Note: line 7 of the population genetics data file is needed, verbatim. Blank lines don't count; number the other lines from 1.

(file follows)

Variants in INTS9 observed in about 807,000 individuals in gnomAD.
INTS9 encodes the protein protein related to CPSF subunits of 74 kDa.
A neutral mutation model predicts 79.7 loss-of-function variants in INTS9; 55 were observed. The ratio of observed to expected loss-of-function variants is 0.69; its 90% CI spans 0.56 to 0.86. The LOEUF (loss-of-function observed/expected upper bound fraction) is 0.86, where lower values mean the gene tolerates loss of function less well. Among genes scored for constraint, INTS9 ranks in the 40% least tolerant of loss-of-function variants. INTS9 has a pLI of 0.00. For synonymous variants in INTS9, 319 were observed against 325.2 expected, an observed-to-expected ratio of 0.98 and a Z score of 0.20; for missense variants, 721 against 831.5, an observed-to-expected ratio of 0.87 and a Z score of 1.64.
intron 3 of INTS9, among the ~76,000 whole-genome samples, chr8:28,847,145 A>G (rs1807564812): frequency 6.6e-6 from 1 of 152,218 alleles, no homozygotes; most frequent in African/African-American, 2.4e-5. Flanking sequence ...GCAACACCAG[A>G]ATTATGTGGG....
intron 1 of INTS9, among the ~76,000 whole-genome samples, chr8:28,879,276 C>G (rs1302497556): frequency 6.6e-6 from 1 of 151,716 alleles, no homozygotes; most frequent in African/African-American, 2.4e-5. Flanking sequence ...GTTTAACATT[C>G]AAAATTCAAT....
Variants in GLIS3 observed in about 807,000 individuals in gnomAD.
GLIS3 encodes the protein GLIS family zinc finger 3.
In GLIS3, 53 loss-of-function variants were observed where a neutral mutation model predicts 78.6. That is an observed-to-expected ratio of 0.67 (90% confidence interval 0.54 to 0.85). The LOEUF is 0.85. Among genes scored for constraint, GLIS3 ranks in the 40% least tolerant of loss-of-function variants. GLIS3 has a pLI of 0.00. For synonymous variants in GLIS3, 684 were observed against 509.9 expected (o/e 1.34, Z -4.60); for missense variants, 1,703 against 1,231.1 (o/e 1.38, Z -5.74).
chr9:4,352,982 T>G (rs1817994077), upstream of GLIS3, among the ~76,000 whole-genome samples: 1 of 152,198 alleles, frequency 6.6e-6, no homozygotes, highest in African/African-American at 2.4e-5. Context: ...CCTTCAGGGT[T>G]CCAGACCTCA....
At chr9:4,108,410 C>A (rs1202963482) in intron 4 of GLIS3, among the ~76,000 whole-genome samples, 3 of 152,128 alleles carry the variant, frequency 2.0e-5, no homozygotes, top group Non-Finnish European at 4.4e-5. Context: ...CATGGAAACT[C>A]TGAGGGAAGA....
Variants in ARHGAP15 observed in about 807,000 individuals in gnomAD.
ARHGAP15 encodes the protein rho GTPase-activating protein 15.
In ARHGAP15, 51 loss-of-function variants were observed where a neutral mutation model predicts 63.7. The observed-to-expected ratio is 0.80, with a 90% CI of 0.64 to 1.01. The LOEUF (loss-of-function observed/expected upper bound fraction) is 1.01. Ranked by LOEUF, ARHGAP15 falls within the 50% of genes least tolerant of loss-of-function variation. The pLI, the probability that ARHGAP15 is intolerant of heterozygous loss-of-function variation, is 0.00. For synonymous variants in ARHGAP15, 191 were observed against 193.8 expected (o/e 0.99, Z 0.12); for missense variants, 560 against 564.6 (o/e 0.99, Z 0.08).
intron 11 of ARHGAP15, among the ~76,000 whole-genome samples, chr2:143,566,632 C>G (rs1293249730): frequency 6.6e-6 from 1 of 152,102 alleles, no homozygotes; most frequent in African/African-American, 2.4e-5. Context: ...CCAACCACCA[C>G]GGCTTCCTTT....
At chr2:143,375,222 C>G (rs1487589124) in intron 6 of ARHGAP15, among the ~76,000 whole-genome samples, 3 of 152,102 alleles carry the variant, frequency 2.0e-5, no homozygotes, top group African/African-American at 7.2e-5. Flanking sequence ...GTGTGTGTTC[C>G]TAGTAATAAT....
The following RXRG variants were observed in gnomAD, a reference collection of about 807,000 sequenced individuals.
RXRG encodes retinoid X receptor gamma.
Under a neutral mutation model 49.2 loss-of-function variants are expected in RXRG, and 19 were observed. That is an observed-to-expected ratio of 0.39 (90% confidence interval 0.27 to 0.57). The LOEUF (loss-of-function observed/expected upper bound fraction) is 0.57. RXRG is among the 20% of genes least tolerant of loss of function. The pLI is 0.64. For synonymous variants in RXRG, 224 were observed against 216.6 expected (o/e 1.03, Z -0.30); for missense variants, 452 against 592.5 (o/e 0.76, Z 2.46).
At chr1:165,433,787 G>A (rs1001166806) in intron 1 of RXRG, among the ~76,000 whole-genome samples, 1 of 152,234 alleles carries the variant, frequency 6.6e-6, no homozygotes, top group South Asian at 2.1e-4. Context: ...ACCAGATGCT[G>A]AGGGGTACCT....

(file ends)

GLIS3 encodes the protein GLIS family zinc finger 3.